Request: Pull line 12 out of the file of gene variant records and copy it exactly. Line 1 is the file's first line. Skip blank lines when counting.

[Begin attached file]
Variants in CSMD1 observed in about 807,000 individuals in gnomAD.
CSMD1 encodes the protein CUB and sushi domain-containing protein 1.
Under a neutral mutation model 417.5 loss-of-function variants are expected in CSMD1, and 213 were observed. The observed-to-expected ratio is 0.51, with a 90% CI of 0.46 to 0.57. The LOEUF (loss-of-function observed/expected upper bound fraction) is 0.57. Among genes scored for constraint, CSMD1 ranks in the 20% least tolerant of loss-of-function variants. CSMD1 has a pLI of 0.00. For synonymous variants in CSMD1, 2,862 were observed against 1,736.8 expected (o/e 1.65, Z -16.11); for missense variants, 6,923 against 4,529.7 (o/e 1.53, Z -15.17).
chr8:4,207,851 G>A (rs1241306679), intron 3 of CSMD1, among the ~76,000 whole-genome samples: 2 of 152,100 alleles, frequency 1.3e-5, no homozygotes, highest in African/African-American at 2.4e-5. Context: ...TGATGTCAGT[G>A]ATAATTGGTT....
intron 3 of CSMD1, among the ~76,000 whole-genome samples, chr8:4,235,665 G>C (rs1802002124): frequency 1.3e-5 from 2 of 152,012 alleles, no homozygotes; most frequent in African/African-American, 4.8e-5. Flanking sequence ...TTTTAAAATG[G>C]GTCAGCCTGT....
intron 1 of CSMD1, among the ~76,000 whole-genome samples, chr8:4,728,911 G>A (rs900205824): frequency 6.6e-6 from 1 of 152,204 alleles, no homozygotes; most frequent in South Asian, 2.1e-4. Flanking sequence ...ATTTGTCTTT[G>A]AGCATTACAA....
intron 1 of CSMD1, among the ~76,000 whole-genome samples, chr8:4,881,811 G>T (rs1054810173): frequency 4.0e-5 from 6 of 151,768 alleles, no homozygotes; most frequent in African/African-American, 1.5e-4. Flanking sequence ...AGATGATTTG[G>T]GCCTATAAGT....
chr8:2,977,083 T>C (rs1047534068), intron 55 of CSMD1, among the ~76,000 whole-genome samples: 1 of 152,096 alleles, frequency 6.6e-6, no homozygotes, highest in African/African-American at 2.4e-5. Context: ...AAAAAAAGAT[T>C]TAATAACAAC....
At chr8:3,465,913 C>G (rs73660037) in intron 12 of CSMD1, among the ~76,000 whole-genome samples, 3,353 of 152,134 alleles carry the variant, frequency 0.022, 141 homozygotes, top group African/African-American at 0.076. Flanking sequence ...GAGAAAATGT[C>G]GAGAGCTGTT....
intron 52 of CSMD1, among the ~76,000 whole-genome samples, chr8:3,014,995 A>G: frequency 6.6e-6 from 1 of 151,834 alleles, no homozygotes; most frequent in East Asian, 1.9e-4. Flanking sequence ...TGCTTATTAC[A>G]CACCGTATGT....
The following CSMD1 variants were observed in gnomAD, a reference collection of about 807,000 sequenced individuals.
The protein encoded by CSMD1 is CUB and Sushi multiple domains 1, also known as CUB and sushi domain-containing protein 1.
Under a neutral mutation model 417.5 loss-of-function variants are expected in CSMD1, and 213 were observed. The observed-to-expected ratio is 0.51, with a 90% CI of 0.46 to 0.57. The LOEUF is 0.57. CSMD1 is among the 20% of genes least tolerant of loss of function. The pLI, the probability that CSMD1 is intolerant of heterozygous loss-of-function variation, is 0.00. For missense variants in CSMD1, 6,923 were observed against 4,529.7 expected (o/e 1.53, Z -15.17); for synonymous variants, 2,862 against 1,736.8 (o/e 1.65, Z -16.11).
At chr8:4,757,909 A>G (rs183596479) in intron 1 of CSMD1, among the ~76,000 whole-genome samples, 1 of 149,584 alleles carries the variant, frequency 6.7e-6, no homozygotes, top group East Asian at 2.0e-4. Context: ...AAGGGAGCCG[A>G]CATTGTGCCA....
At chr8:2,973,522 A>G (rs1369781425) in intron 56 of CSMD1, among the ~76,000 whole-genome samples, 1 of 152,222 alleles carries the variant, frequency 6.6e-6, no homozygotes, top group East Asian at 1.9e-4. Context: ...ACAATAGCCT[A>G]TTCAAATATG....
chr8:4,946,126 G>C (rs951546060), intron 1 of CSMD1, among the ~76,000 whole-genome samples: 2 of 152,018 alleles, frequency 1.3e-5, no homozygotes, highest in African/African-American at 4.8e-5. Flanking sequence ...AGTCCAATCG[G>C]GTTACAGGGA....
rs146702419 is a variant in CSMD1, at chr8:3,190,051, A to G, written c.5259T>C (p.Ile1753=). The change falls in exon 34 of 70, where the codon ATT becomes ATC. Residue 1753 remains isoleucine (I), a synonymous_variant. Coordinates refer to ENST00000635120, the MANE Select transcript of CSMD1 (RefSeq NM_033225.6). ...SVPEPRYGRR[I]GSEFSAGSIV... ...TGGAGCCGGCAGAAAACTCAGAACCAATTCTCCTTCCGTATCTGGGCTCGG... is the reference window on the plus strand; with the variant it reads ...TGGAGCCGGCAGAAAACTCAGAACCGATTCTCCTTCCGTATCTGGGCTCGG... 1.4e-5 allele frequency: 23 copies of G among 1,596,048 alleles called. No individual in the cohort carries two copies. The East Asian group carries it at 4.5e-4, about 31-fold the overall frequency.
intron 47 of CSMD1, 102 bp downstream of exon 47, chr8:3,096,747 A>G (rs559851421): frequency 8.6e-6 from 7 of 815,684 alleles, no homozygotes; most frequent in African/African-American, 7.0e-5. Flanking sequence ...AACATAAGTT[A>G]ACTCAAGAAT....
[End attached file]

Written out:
The protein encoded by CSMD1 is CUB and Sushi multiple domains 1, also known as CUB and sushi domain-containing protein 1.